Cause a Pause
The cycle of harm and loss is nearly unbreakable without deliberate effort. Needless to say, this high-minded ideal can be challenging to practice when bullets, fists or words are still flying.
I tried to talk with them, but they couldn’t hear me over their RPGs.
Our platoon, shortly before 9/11/01. Despite a wide range of interests and capabilities, there was an unbreakable unity of purpose. (Author to right, sans trademark beard.)
I want to share a favorite The Naked Gun (Paramount Pictures, 1988) movie exchange in which the late, great Leslie Nielsen, as Police Lt. Frank Drebin, encounters a thug sent to kill him. The assailant yells, “I have a message for ya from Vincent Ludwig!” and begins firing at Drebin. He continues, “Take that, you lousy cop!”
Frank yells back, “I’m sorry! I can’t hear ya! Don’t fire the gun while you’re talking!”
(By the way, I strongly recommend you rent or buy Naked Gun for an hour and a half of delightful peacemaking…it’s very hard to hate while you’re laughing.)
The opening quote for this chapter is from a comment posted at our blog, PowerfulPeace.Wordpress.com. Eric “Madd” Hatter, a longtime friend and fellow retired SEAL, made the point that some of the concepts in Powerful Peace can seem a little unrealistic. The RPG’s he mentions are the “rocket-propelled grenades” that were fired at him in Iraq. His comment is a facetious reference to my apparent desire to hold hands with terrorists/insurgents and sing Kumbaya.
While on the surface he appears to oppose my position outright, I couldn’t be more pleased to have this counterpoint expressed so succinctly. It’s exactly why frank dialogue is important. “We” (Rob and Eric, or The West and The East, or any other We and They) can begin to understand what we don’t understand about the other by just saying what we think is going on. That opens the exchange of information, which begins to clear up dangerous misunderstandings.
Yes, sometimes you gotta shoot a guy.
The message of Powerful Peace is not to attempt reasoning with an insurgent who is aiming an RPG at me. In that moment, there is only one option if I hope to see kith and kin again. By now you can imagine what it is.
Powerful Peace isn’t “either-or.” Either-or is the enemy of Powerful Peace, because it says such things as, “either you claim my religion—or I can kill you;” “either you’re in my political party—or I can’t respect you.”
…“Either you’re with us…or you’re against us.”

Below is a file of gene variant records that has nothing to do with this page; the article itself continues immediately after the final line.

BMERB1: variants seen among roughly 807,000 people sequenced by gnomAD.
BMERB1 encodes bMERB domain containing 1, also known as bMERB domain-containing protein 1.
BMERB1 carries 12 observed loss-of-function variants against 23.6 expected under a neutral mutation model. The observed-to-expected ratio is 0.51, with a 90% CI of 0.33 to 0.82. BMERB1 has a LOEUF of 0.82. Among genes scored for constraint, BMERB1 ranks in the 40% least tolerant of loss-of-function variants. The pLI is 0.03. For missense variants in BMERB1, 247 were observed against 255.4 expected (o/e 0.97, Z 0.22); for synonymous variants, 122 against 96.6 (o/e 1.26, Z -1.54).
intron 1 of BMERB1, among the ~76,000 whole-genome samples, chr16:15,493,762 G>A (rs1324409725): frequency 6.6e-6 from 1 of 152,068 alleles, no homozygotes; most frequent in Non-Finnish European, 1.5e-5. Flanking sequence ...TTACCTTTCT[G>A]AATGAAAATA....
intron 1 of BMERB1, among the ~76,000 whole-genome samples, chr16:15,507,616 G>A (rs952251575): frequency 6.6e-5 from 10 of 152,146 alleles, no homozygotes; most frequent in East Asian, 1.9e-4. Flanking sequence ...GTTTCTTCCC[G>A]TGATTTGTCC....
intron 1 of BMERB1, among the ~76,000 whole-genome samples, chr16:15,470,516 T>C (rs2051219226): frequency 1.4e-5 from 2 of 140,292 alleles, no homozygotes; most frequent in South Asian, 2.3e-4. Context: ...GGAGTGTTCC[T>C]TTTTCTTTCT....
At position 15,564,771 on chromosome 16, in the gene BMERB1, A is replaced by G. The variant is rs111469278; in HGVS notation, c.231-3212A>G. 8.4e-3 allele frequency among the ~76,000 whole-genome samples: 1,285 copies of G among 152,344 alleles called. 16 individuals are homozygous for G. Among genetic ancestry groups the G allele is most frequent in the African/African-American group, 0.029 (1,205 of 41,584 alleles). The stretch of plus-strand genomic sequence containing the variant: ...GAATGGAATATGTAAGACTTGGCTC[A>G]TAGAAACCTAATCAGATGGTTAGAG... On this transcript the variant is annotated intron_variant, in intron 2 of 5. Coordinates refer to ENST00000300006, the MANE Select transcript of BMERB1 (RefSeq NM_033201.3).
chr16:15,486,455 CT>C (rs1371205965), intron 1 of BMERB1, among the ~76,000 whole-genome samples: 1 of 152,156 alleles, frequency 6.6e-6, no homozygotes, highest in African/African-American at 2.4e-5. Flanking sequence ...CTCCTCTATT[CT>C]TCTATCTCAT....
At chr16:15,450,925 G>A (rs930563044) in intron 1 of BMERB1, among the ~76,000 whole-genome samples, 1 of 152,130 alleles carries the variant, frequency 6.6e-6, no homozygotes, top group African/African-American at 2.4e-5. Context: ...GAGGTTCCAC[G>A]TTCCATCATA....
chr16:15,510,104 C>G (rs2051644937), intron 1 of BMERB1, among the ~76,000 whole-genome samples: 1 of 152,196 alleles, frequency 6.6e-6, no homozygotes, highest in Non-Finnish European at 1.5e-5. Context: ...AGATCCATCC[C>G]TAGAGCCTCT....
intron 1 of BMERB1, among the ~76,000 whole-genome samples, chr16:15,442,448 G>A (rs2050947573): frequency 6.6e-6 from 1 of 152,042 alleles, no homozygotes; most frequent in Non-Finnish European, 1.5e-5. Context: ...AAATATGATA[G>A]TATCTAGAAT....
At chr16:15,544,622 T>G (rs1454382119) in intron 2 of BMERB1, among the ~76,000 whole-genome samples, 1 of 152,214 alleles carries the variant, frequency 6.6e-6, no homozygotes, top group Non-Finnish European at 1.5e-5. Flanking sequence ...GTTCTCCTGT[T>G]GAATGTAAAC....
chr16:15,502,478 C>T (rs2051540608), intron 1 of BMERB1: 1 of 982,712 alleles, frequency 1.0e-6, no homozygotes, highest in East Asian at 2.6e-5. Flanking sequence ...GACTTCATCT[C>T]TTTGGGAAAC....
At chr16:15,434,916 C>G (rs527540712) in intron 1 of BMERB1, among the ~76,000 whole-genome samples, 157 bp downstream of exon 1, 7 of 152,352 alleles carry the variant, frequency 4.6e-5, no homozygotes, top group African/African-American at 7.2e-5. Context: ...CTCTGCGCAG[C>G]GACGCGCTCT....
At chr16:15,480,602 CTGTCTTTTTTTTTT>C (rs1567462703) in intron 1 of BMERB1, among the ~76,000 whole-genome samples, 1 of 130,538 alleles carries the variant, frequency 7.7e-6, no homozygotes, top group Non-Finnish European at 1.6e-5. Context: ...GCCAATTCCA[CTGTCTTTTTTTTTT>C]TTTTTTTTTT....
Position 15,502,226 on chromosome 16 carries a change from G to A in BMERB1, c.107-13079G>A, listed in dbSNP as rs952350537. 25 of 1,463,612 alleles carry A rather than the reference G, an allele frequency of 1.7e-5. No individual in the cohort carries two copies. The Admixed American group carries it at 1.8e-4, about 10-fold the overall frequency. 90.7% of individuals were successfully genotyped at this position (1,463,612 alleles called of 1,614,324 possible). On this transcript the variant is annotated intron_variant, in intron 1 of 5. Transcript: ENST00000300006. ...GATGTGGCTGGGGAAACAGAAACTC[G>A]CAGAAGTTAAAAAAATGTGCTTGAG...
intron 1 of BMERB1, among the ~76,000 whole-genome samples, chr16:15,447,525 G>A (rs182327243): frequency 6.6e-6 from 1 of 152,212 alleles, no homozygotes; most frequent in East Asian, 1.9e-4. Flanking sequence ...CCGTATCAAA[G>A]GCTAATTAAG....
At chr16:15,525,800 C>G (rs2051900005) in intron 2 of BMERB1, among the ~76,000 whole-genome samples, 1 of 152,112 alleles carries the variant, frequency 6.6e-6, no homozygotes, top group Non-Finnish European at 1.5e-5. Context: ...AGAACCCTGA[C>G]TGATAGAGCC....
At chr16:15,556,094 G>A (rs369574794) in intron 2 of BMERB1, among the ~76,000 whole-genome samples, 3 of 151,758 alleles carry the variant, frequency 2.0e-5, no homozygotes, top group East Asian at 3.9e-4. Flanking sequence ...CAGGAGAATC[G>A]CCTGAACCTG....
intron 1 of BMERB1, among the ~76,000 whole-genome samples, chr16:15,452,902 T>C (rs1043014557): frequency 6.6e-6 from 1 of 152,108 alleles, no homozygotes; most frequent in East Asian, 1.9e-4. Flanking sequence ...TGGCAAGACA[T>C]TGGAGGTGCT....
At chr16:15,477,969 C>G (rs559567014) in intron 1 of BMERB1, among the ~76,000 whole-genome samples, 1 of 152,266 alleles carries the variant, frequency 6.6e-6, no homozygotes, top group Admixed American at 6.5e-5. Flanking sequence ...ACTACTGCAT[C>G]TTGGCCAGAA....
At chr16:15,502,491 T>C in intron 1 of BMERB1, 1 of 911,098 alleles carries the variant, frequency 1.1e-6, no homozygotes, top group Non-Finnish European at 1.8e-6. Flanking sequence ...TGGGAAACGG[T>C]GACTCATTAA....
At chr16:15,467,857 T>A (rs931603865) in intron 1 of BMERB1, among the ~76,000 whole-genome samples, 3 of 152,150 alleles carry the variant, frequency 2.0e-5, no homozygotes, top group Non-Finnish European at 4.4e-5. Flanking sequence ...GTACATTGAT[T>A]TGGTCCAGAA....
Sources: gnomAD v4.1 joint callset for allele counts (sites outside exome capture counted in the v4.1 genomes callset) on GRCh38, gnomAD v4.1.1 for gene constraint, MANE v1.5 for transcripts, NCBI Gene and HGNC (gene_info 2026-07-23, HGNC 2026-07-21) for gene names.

In contrast, responsible living is more appropriately an “all,” as in accepting “all options” available for a particular situation. Builders are masters at selecting the right tool for each job. A hammer will drive home a screw, but poorly. And I could probably, eventually, drive in a nail with a screwdriver—but I’d need some aspirin afterward!
I’ll use the dialogue tool to engage the community that breeds the guy that wants to kill me with an RPG. Ultimately, the idea is to engage with communities that don’t yet even have guys that want to kill me with an RPG. For example, I would love to reach a potential “guy with the RPG” while he’s a child, years before his radicalization, and help his family help him become an engineer, a physician, or a musician instead of an insurgent. If changing the entire world is a bridge too far, we can at least nibble around the edges of bitter conflict; one person, family or neighborhood at a time.
As I wrote in an essay entitled “Becoming Your Enemy” in 2005, “The next evolution of terrorist threat mitigation is elimination, before the hateful cause exists, by working with the source.” We have to learn to operate in the “space” referred to by Viktor Frankl and championed by Stephen R. Covey: “Between stimulus and response there is a space. In that space is our power to choose our response. In our response lie our growth and our freedom.” (7 Habits of Highly Effective People, Free Press, 1990.) In other words, I can react to others according to old habits and assumptions…or I can try to understand what’s going on, and respond in a manner much more likely to move me toward my true goals.